The Coppertone sign that hangs over Biscayne Boulevard and 73rd Street is widely considered to be a piece of Miami history, an iconic image that hearkens back to another, in some ways more innocent era. But whatever the sign’s historic value, it's expensive to maintain, and that fact has put its fate in doubt various times over the last five decades, only for some organization or civic group to step in at the last minute. And so it has happened again.
The sign’s latest savior is Merck, the parent company of Coppertone sunscreen makers Schering-Plough. The company has told the sign’s owner, the MiMo Biscayne Association, that it will donate $1,800 every year for the next five years to pay for the liability insurance and general upkeep of the 52-year-old sign.
“The brand is committed to our Little Miss Coppertone – she’s part of our heritage and our future. We appreciate the opportunity to partner with you to keep such an important piece of history alive, “ wrote Evan Bashoff, Merck’s Suncare marketing product manager, in an email he sent to MiMo Association President Nancy Liebman on Dec. 9.
According to Liebman, Merck found out that the MiMo Association couldn’t continue paying for the sign’s $1,200 yearly premium after reading Open Media’s story about sign’s uncertain future.
Liebman said the money will also serve to mend the girl’s foot, which was cracking due to lack of maintenance.
The sign is currently on the northern wall of a building at 7300 Biscayne Blvd. and has been owned by the MiMo association since 2008. The contract between the MiMo Biscayne Association and the building’s owner, Debra Ohanian, called for the association to pay the insurance — due by the end of December — and Ohanian to cover the electricity bill for the sign.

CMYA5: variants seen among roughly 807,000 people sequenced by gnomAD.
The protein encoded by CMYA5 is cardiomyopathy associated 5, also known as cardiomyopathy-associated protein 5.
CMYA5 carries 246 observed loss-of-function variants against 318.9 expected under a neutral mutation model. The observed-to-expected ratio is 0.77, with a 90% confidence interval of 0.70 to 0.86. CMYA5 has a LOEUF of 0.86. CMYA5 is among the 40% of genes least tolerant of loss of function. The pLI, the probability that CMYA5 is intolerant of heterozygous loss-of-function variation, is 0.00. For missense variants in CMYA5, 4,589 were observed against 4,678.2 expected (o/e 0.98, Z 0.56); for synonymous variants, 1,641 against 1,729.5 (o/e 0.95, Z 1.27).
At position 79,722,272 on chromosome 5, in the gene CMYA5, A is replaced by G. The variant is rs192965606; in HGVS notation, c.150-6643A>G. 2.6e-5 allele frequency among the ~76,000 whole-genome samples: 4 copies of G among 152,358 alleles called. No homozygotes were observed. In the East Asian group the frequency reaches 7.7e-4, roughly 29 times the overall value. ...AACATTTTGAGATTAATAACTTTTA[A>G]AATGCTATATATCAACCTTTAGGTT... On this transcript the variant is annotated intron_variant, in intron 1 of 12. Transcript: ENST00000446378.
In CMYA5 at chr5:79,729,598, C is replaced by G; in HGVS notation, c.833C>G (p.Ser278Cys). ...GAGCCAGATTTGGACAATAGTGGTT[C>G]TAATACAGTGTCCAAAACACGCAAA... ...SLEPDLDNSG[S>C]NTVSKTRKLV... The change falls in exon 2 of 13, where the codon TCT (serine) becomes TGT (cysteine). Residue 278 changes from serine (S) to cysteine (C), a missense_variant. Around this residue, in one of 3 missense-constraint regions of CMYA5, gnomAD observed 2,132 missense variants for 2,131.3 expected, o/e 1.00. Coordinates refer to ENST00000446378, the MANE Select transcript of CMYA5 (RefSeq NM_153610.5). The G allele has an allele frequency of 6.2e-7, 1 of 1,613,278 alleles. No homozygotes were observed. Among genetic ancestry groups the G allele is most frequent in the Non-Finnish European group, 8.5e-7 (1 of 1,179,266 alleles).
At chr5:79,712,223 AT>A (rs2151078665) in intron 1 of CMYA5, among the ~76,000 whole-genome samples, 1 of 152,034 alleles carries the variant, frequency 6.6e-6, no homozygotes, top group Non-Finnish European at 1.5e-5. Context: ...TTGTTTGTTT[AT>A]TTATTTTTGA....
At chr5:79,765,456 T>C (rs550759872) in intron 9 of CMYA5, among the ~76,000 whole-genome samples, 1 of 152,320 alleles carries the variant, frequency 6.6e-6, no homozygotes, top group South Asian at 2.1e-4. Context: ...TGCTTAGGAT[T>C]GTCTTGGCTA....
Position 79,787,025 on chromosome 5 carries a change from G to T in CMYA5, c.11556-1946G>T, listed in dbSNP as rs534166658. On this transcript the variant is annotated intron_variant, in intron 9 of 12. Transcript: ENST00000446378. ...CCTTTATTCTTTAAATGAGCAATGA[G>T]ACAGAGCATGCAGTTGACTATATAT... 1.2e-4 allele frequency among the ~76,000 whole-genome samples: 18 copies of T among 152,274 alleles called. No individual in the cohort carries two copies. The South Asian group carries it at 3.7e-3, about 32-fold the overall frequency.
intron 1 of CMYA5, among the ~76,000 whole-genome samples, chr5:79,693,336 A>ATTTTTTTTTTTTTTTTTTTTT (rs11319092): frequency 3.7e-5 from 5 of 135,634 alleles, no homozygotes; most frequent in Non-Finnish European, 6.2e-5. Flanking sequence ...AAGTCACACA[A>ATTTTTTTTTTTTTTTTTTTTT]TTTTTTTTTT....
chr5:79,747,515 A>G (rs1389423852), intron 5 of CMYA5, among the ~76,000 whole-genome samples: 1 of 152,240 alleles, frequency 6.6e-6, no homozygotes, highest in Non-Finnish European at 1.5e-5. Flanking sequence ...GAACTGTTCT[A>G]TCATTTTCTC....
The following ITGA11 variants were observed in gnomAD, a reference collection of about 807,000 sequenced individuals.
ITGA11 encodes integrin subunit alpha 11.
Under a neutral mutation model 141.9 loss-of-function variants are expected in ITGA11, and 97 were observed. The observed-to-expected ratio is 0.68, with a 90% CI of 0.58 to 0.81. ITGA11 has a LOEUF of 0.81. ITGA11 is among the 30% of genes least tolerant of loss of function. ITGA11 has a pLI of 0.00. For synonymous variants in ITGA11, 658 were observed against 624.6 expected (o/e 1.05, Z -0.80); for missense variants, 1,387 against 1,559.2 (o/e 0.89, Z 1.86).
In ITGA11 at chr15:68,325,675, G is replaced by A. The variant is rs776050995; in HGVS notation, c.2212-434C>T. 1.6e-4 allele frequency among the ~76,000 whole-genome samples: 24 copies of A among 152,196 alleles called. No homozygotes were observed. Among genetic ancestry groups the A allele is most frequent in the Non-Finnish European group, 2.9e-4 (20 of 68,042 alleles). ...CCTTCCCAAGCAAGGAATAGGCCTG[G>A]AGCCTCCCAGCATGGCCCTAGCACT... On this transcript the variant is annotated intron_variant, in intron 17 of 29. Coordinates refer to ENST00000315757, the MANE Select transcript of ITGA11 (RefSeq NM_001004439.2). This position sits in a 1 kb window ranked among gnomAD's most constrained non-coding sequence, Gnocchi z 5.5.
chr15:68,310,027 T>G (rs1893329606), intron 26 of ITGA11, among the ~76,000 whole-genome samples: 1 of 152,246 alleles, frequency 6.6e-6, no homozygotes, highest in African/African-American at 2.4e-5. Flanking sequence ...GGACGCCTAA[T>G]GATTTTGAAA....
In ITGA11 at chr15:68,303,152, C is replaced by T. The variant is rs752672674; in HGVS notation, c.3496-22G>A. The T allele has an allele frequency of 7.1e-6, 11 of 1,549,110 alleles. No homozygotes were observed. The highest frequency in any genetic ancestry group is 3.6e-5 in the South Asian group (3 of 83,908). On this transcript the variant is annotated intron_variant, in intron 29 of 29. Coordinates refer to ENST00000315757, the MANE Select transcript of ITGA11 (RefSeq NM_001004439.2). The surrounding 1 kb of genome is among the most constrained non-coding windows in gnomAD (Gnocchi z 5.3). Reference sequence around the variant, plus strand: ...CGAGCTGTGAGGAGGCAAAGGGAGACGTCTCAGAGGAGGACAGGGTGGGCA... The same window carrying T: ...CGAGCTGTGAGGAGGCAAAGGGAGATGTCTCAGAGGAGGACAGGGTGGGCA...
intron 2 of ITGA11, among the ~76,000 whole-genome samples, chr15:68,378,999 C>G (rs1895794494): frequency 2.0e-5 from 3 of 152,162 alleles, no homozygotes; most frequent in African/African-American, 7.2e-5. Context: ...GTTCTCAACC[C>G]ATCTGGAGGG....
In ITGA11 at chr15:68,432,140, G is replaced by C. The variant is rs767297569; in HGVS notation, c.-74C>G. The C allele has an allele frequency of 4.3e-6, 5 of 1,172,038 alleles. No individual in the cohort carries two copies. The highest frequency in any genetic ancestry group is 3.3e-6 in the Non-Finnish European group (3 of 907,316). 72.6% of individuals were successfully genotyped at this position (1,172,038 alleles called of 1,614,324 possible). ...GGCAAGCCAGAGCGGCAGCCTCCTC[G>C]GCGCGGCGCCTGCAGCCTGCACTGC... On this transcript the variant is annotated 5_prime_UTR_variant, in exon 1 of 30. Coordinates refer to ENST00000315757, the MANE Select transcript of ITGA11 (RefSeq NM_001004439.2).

When the association announced they couldn't pay for the premium Ohanian said she would pay for this year’s insurance , but could not guarantee that she would make any future payments.
The donation by Merck will preserve what many consider a piece of Miami history.
Jerry Bengis, a local art appraiser and the son of the man whose company orginally built the sign, says the image is burned in the American psyche. He compares it with Andy Warhol’s Campbell’s soup can painting.
“It’s so iconic, it’s a trademark, something associated with South Florida.” said Bengis in a previous interview.
The sign and its history over the last five decades:
1959: Pin-up artist Joyce Ballantyne recreates a 1953 Coppertone sun tanning ad that was destroyed in a fire. The ad shows a pigtailed girl with her bathing suit being tugged down by a small Cocker Spaniel.
1959-1991: Florida sign maker Tropicalites produces a 35-foot version of the ad. The "Coppertone Girl" sign occupied at least half the north wall of the now-demolished 13-story Parkleigh Building in downtown Miami until Miami Dade College bought the property to construct its Wolfson Campus.
1992-1995: Schering-Plough, the pharmaceutical company that makes Coppertone, salvaged the sign and donated it to the Dade Heritage Trust. The sign remained gathering dust in a warehouse for the next couple of years.
1995-2007: The sign is repaired and mounted on the east wall of the Concord building at 66 W. Flagler St. across from the courthouse.
2008-current: In 2008, the sign was donated by Dade Heritage Trust to the MiMo Biscayne Association, which oversaw a major $100,000 restoration funded by Schering-Plough after the sign had been damaged during the 2005 hurricane season and placed in its current location on the MiMo District.